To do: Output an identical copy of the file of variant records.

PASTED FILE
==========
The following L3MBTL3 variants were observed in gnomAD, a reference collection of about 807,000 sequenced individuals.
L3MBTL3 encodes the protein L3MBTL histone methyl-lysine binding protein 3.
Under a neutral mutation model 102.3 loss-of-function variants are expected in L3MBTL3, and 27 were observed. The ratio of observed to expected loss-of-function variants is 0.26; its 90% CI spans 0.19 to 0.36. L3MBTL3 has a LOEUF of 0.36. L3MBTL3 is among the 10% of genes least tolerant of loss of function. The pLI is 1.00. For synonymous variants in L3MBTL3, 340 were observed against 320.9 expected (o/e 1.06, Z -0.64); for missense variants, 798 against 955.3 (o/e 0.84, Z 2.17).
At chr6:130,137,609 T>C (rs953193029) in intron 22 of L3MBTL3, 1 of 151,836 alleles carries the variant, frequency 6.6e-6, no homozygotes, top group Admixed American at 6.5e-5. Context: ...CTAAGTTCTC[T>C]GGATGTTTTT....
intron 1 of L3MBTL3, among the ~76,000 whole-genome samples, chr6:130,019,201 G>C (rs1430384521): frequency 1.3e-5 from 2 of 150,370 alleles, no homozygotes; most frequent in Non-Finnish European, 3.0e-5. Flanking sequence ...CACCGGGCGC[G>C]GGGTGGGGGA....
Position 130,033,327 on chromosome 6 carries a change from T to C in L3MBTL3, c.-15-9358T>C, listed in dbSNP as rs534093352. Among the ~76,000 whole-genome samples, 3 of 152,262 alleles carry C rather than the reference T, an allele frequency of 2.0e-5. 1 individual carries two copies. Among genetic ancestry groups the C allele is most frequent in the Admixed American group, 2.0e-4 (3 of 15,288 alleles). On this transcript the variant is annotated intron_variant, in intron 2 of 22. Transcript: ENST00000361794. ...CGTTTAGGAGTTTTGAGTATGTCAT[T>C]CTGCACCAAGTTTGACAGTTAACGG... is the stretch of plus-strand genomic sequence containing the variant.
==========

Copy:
The following L3MBTL3 variants were observed in gnomAD, a reference collection of about 807,000 sequenced individuals.
L3MBTL3 encodes the protein L3MBTL histone methyl-lysine binding protein 3.
Under a neutral mutation model 102.3 loss-of-function variants are expected in L3MBTL3, and 27 were observed. The ratio of observed to expected loss-of-function variants is 0.26; its 90% CI spans 0.19 to 0.36. L3MBTL3 has a LOEUF of 0.36. L3MBTL3 is among the 10% of genes least tolerant of loss of function. The pLI is 1.00. For synonymous variants in L3MBTL3, 340 were observed against 320.9 expected (o/e 1.06, Z -0.64); for missense variants, 798 against 955.3 (o/e 0.84, Z 2.17).
At chr6:130,137,609 T>C (rs953193029) in intron 22 of L3MBTL3, 1 of 151,836 alleles carries the variant, frequency 6.6e-6, no homozygotes, top group Admixed American at 6.5e-5. Context: ...CTAAGTTCTC[T>C]GGATGTTTTT....
intron 1 of L3MBTL3, among the ~76,000 whole-genome samples, chr6:130,019,201 G>C (rs1430384521): frequency 1.3e-5 from 2 of 150,370 alleles, no homozygotes; most frequent in Non-Finnish European, 3.0e-5. Flanking sequence ...CACCGGGCGC[G>C]GGGTGGGGGA....
Position 130,033,327 on chromosome 6 carries a change from T to C in L3MBTL3, c.-15-9358T>C, listed in dbSNP as rs534093352. Among the ~76,000 whole-genome samples, 3 of 152,262 alleles carry C rather than the reference T, an allele frequency of 2.0e-5. 1 individual carries two copies. Among genetic ancestry groups the C allele is most frequent in the Admixed American group, 2.0e-4 (3 of 15,288 alleles). On this transcript the variant is annotated intron_variant, in intron 2 of 22. Transcript: ENST00000361794. ...CGTTTAGGAGTTTTGAGTATGTCAT[T>C]CTGCACCAAGTTTGACAGTTAACGG... is the stretch of plus-strand genomic sequence containing the variant.